Fork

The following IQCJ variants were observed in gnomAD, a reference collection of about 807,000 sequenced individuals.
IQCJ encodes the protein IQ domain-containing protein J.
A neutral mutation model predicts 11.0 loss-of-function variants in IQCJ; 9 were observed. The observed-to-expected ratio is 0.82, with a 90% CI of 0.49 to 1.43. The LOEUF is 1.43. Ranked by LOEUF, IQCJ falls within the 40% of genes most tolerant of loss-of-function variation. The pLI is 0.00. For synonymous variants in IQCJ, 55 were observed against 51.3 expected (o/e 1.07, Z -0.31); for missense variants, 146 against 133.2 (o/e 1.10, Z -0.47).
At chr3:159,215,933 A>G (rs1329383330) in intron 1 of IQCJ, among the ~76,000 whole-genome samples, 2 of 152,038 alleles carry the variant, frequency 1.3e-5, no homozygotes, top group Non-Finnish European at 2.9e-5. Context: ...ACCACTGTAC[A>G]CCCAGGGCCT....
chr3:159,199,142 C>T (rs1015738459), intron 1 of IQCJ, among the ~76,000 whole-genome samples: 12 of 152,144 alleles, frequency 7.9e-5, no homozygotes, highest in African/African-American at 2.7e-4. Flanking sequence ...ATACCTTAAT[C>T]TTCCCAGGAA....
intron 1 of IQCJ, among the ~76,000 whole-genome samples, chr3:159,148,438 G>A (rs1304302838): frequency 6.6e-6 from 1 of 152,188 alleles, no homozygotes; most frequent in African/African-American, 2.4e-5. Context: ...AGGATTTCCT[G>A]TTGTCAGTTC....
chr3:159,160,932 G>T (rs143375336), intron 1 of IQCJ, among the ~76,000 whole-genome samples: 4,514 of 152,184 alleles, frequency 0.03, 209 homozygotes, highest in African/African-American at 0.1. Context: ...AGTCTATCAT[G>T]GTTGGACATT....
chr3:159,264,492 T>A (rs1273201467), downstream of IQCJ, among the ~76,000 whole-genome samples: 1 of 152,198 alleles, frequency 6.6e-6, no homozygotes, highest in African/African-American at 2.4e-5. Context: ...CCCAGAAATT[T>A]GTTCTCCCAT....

As a piece of cutlery or kitchenware, a fork is a tool consisting of a handle with several narrow tines on one end. The fork as an eating utensil has been a feature primarily of the West, whereas in East Asia chopsticks have been more prevalent. Today, forks are increasingly available throughout East Asia. The utensil (usually metal) is used to lift food to the mouth or to hold ingredients in place while they are being cut. Food can be lifted either by spearing it on the tines, or by holding it on top of the tines, which are often curved slightly. A fork is also shaped in the form of a trident but curved at the joint of the handle to the points. Though the fork’s early history is obscure, the fork as a kitchen and dining utensil is generally believed to have originated in the Roman Empire, or in Ancient Greece. The personal table fork most likely originated in the Eastern Roman, or Byzantine, Empire. Its use spread to what is now the Middle East during the first millennium CE and then spread into southern Europe during the second millennium. It did not become common in northern Europe until the 18th century and was not common in North America until the 19th century.

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